Re: [DNS] thread.119

Re: [DNS] thread.119

From: Patrick Corliss <patrick§>
Date: Wed, 16 Jan 2002 20:25:29 +1100
On Wed, 16 Jan 2002 19:04:09 +1100, Nick Andrew wrote:

> It's self-evident that most people who attempt to register a
> name and are knocked back by MelbIT either are (a) unaware of the
> generics rule, or (b) believe their name is not generic. There's
> only a third category, those who believe their name is generic,
> and hope MelbIT will make a mistake.

Hi Nick

Perhaps it would be better to rephrase the last one a little differently.  I
have been in the position of applying for a domain name which *might* be
considered generic depending on how the manual checker at Melbourne IT
interpreted the rules.

Let's say, for example, I wanted "".  The former rules define
generics as in the Macquarie Dictionary and with some commercial significance.
I would expect not to get "clock" because people buy and sell clocks.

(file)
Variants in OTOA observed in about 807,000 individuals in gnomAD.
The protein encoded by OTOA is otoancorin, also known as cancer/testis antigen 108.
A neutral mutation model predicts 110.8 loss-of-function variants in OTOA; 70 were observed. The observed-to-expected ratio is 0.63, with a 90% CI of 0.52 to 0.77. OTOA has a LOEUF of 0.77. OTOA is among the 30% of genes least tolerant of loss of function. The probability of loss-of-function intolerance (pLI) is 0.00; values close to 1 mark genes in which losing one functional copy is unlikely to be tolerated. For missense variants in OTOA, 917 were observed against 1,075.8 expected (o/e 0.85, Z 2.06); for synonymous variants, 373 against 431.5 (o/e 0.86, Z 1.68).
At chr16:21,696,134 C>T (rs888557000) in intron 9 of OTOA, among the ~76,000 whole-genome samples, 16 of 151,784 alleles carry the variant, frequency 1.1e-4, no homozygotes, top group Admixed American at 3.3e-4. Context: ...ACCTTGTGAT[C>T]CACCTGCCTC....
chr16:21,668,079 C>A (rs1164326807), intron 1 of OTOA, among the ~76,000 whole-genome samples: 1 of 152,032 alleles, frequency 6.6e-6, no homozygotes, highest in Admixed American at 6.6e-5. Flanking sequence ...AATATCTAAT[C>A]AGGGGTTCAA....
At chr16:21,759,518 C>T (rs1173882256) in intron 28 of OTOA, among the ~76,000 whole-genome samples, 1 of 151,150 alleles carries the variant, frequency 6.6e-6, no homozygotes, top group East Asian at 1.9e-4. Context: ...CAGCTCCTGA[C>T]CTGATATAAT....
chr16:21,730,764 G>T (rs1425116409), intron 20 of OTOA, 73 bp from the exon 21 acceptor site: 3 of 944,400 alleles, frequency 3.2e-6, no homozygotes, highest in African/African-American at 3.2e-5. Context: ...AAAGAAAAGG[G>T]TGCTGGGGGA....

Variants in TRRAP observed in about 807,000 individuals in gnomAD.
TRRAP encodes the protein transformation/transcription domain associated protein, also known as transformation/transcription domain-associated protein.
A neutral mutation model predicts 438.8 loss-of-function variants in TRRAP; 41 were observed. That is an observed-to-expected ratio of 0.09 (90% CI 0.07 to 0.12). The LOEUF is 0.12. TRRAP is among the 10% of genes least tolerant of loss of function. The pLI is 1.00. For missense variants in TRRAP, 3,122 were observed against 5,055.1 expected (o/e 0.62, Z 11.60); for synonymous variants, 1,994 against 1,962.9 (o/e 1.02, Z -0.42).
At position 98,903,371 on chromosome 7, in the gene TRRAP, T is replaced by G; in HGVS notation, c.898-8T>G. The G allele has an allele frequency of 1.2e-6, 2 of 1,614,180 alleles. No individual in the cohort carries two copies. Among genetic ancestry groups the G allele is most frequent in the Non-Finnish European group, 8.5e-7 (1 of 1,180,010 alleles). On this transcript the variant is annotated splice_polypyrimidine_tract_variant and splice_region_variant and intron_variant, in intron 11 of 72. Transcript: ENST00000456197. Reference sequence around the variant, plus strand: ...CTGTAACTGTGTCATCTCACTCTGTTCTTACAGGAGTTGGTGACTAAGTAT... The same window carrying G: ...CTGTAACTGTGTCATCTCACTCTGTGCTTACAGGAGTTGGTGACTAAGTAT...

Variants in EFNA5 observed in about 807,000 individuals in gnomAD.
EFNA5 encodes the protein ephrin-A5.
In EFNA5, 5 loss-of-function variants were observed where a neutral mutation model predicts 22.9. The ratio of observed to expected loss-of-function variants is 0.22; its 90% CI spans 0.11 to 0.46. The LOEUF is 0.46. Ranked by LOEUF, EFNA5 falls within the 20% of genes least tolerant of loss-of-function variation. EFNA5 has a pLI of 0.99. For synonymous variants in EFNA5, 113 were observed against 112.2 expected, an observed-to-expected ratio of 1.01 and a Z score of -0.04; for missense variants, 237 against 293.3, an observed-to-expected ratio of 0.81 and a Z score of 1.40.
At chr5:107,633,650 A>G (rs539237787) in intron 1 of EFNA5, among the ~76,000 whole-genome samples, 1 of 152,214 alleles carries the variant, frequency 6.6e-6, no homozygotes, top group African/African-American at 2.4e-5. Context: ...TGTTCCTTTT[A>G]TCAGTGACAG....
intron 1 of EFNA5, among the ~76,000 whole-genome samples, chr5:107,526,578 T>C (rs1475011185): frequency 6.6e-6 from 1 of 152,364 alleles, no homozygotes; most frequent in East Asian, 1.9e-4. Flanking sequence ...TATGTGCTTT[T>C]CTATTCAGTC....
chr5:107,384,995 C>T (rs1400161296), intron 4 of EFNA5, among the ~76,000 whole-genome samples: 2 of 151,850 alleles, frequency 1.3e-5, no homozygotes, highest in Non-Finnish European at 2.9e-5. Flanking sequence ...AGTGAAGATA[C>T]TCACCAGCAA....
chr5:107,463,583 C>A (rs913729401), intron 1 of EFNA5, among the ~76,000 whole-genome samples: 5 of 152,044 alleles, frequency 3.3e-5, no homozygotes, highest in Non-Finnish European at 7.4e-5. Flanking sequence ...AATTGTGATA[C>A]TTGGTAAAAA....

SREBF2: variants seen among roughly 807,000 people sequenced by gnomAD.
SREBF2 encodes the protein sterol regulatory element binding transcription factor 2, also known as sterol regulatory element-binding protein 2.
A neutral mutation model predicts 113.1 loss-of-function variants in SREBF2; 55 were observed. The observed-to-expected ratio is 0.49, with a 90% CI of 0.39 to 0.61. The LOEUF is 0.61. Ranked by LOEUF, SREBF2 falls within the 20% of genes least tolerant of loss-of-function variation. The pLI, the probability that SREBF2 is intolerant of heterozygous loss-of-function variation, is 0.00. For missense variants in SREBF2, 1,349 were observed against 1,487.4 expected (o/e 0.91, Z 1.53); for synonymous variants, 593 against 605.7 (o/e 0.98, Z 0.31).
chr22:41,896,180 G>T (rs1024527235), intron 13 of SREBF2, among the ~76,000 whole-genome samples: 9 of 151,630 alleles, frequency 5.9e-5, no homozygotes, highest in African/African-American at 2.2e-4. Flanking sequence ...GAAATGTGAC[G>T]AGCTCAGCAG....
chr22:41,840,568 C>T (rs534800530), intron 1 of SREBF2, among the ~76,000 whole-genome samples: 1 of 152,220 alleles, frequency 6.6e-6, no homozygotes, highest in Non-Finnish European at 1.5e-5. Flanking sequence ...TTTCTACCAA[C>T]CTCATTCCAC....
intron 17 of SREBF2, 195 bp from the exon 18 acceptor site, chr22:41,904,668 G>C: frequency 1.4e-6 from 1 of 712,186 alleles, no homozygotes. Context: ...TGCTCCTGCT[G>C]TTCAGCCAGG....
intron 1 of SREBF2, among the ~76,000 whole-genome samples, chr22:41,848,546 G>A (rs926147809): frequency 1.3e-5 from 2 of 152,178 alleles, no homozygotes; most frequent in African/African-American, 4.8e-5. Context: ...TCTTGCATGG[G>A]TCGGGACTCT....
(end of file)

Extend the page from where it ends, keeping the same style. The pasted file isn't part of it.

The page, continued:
But what about "" ?  How would Melbourne IT interpret it?

The word "time" doesn't really have commercial significance.  But Melbourne IT
*could* refuse it on the grounds that it relates to timing devices, or bundy
clocks, or time pieces.  Who knows how they might interpret the policy?

My understanding is that Melbourne IT weren't always sure themselves and, in
some cases, they would refer the application to their legal advisers.

So I'd say the third category is those who believe their name could be seen as
generic but hope that MelbIT will decide in their favour for whatever reason.

Best regards
Patrick Corliss
Received on Fri Oct 03 2003 - 00:00:00 UTC

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